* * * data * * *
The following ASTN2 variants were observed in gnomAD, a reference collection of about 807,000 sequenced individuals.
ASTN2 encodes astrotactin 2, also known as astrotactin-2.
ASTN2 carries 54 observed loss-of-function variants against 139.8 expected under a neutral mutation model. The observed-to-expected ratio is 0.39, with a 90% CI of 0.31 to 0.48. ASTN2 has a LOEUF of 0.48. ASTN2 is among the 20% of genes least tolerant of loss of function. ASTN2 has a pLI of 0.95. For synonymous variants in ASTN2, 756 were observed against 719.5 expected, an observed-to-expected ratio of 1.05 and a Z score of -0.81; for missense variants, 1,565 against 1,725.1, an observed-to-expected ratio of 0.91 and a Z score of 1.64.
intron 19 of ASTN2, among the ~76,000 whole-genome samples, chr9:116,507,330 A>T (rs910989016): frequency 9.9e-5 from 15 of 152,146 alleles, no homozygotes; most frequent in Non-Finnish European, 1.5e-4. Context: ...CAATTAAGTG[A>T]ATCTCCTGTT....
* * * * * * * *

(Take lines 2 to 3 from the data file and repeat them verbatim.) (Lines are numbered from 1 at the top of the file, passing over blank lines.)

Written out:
ASTN2 encodes astrotactin 2, also known as astrotactin-2.
ASTN2 carries 54 observed loss-of-function variants against 139.8 expected under a neutral mutation model. The observed-to-expected ratio is 0.39, with a 90% CI of 0.31 to 0.48. ASTN2 has a LOEUF of 0.48. ASTN2 is among the 20% of genes least tolerant of loss of function. ASTN2 has a pLI of 0.95. For synonymous variants in ASTN2, 756 were observed against 719.5 expected, an observed-to-expected ratio of 1.05 and a Z score of -0.81; for missense variants, 1,565 against 1,725.1, an observed-to-expected ratio of 0.91 and a Z score of 1.64.